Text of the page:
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Medical Malpractice vs Medical Battery

Medical malpractice covers a wide range of cases in which a healthcare professional or facility may be deemed negligent, resulting in harm to a patient or even death. This could include instances of:

  • Misdiagnosis
  • Delayed diagnosis
  • Failure to treat
  • Surgical error
  • Drug error
  • Birth injury
  • Improper aftercare
  • and more

Medical battery is something different. You may be familiar with the term “assault and battery,” pertaining to criminal acts by one party that may inflict physical harm on another person (assault) or do inflict physical harm on another person (battery). Essentially, assault is attempted battery.

Medical battery is similar to battery, but the harm occurs in a medical setting and includes harmful or offensive touching of a patient by a medical professional. When such instances occur, you’ll need an experienced legal team on your side, like the seasoned professionals at The Trial Law Offices of Bradley I. Kramer, M.D., Esq., to ensure that you receive fair compensation for your trauma.

Example of Medical Battery

While medical malpractice is a pretty large umbrella that covers all kinds of negligence, the medical battery is more specific. There are three main types of cases that fall under the heading of medical battery, including:

  • Performing a medical procedure different than the one the patient consented to
  • Ignoring conditional consent, in which a patient consents to a procedure only if specific conditions exist, but medical providers proceed without specified conditions being met.
  • Performing a medical procedure without patient consent (excluding emergency procedures to prevent harm or save a patient’s life)

One example of medical battery could be a doctor removing the wrong organ during a surgical procedure. Or, perhaps a patient consents to have an organ removed if it is damaged, but upon finding no damage, the doctor proceeds to remove the organ anyway. The least likely is that a doctor performs a medical procedure with no patient consent when no medical emergency exists, but it does happen.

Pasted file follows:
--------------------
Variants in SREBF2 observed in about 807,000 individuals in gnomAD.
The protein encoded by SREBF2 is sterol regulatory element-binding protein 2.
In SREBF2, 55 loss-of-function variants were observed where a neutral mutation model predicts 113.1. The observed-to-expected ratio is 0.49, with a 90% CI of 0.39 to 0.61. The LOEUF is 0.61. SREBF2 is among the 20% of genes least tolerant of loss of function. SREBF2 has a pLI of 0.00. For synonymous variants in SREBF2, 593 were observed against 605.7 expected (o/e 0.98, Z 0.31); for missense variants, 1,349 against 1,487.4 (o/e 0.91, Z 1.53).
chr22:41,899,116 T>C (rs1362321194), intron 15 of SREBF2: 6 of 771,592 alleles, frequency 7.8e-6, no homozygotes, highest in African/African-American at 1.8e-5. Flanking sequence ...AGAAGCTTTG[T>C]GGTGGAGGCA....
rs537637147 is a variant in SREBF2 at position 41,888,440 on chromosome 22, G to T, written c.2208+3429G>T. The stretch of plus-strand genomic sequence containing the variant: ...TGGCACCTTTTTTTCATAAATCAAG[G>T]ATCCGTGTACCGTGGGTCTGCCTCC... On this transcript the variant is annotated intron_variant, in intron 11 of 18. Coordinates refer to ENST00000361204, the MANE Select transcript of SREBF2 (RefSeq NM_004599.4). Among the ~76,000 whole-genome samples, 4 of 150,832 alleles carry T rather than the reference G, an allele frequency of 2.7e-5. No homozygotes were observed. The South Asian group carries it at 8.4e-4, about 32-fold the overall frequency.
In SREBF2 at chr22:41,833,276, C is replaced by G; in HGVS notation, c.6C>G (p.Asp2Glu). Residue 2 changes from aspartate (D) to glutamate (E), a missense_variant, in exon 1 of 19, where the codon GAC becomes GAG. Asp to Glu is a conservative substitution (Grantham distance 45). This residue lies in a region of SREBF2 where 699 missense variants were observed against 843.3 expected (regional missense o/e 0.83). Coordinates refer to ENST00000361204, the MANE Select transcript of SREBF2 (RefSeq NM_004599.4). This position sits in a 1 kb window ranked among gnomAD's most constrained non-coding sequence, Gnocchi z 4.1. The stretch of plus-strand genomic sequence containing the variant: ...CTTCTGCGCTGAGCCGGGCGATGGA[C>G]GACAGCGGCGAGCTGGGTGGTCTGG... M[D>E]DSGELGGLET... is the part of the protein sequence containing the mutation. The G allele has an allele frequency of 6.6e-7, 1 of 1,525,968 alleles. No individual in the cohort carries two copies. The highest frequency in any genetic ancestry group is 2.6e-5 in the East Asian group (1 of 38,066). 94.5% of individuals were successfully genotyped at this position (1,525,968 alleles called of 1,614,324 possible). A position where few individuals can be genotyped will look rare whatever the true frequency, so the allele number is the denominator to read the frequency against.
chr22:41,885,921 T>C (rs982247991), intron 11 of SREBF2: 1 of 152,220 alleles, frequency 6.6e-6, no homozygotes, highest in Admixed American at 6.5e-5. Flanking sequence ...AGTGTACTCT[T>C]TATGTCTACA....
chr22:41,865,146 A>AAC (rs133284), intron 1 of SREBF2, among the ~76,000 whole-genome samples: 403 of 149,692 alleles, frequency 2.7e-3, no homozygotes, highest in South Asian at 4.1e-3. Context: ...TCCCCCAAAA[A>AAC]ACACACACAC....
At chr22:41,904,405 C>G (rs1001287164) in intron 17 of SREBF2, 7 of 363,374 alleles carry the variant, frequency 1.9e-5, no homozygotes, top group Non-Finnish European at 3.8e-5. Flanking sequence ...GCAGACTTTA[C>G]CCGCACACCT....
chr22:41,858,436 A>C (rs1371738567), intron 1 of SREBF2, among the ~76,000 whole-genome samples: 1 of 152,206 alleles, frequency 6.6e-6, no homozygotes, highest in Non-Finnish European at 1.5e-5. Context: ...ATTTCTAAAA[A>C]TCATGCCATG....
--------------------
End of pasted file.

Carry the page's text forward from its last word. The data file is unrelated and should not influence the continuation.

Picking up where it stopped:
Proving Medical Battery

What separates medical battery from medical malpractice is that negligence often occurs with no intent to do harm. Malpractice could be as simple as writing the wrong prescription or as significant as misdiagnosing a serious condition and failing to treat a patient properly. Still, it is characterized by acts of negligence or omission.

Medical battery cases, on the other hand, hang largely on proving intent, insomuch as the healthcare professional knew what they did was wrong, but they went ahead and did it anyway. In addition, you’ll have to prove:

  • Actual cause
  • Proximate (legal) cause
  • Physical contact/touching
  • Harm or offense to the patient, caused by a medical professional

It’s important to understand that actual harm is not necessary to pursue a medical battery case. For example, it may be that a patient enjoys better health following, say, an organ removal that wasn’t consented to. However, if the patient did not consent, conditional consent was not met, and/or no emergency prompted the procedure, the medical battery still occurred.

Contact a Medical Battery Lawyer Today!

Like medical malpractice, medical battery isn’t always easy to prove. However, that doesn’t mean you shouldn’t pursue compensation when such instances occur.

The expert attorneys at The Trial Law Offices of Bradley I. Kramer, M.D., Esq. have the knowledge and experience to help you secure maximum compensation when medical battery occurs. Contact us now at 310-289-2600 or online to schedule your free initial consultation.

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